Company says its security systems were not up to scratch and apologises after disabling 2 million email accounts.
Dutch telecoms firm KPN has become the latest big name to fall victim to hackers after it confirmed a breach and apologised to affected customers.
However there is confusion about whether data posted online, claimed by the hackers to be personal information of more than 500 KPN customers, was in fact taken from the telecoms company.
Following the January hack, personal details of 537 people were posted online. It was claimed by the hackers that the people were KPN customers. According to reports, however, the details were actually from customers of online baby products retailer Baby-Dump.
That company has confirmed that it has suffered a breach and has suggested that all customers should change their password.
Although the data was not from KPN the telecoms company has confirmed that its systems were breached, and issued a strongly-worded mea culpa. The company was forced to disable email access for two million customers for two days while it investigated the breach. It also admitted that its security systems were not up to scratch.
It ran a series of adverts in the Dutch media. "For you and two million other KPN clients it was very difficult and unwelcome. For this we would like to apologise," the adverts read. "We would like to apologise two million times."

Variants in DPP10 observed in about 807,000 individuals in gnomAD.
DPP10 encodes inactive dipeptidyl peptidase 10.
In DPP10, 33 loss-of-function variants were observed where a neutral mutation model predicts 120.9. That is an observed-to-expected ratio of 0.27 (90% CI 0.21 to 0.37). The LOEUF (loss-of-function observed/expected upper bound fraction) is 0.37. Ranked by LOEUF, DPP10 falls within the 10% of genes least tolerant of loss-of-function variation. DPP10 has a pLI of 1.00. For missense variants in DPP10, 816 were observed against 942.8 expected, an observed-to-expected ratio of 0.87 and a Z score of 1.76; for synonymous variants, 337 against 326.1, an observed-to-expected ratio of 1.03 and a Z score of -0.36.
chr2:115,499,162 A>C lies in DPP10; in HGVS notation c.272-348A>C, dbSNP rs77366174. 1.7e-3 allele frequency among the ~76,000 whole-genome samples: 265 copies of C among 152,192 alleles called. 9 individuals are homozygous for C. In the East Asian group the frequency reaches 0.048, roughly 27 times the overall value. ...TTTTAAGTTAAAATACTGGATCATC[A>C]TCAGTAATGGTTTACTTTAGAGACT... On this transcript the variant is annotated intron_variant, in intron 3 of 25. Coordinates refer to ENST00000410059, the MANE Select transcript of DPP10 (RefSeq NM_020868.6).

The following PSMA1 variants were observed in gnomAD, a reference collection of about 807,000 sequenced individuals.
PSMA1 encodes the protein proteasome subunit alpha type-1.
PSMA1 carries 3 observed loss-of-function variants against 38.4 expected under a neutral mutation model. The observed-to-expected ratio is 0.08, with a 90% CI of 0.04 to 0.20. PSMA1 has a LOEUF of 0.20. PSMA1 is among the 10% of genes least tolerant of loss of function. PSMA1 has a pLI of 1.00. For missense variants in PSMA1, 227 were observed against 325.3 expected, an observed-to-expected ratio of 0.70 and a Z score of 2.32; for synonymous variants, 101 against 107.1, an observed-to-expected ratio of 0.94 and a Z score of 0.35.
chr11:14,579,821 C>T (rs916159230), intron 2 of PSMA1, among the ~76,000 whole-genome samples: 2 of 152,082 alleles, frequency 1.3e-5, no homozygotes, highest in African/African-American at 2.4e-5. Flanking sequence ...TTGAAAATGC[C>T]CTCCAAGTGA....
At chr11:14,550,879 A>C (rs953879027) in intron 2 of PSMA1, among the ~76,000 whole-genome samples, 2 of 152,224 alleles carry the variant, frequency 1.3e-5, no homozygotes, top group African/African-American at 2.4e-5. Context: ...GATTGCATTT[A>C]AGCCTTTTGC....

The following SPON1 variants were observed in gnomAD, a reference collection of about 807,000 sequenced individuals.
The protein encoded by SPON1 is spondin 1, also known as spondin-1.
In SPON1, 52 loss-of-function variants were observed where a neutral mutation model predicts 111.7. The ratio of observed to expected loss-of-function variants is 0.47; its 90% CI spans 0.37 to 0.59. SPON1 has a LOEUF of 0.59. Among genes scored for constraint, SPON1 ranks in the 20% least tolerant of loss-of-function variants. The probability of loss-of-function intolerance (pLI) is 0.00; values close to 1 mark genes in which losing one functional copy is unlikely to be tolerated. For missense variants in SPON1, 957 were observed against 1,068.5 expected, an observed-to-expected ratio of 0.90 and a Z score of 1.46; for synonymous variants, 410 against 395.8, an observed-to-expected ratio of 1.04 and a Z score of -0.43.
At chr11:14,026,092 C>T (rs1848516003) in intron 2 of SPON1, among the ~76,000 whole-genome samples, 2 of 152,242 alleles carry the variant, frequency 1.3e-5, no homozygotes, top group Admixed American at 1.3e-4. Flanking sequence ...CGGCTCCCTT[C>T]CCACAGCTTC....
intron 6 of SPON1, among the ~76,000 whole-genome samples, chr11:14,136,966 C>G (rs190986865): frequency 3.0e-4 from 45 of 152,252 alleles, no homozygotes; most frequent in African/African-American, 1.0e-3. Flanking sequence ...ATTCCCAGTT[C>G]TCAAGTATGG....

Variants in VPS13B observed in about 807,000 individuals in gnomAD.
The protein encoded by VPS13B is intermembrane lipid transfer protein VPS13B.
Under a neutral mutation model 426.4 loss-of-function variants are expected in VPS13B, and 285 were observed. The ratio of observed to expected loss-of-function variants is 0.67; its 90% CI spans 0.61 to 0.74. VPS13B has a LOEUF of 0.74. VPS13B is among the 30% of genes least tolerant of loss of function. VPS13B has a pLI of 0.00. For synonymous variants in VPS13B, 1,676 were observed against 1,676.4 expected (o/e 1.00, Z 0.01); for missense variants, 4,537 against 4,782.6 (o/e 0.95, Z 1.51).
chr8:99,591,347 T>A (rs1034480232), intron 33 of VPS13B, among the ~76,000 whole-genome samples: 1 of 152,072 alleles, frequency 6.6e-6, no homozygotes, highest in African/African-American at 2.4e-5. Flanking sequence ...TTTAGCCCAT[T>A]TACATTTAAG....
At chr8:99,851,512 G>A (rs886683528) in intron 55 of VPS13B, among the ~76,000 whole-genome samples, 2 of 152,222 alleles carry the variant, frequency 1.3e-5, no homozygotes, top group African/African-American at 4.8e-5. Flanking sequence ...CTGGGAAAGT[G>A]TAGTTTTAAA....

According to Reuters, KPN's Dutch boss Joost Farwerck added: "We will shortly implement a number of changes in the management of our IT organisation to increase quality and effectiveness. The last few weeks have unmistakably shown the necessity for this."
These steps include improving server security, protecting data and the process by which it notifies authorities of any breaches. Opta, the Dutch telecommunications regulator, has confirmed it is investigating the incident.
Garry Sidaway, Global Security Strategy, Integralis, said this is another example of how many companies are failing to keep their primary systems secure.
"This is another indicator that whilst the headlines say 'cyber-attack' hinting at organised criminal, and sometimes government, activity - the reality is that organisations are still struggling to cope with the "day" job of keeping systems secure, up-to-date and ensuring that key resources aren't stretched to the limit," he said.
"Take a look at last year's attacks - the pattern isn't necessarily complex and sophisticated. The exploitation of vulnerabilities are often months old or well documented," he added. "Organisations have a huge task to keep their systems secure and make every effort to balance the risks. This is where expertise and resources have to be focused - expertise that can identify the risks and allocate the correct resources to secure the critical systems."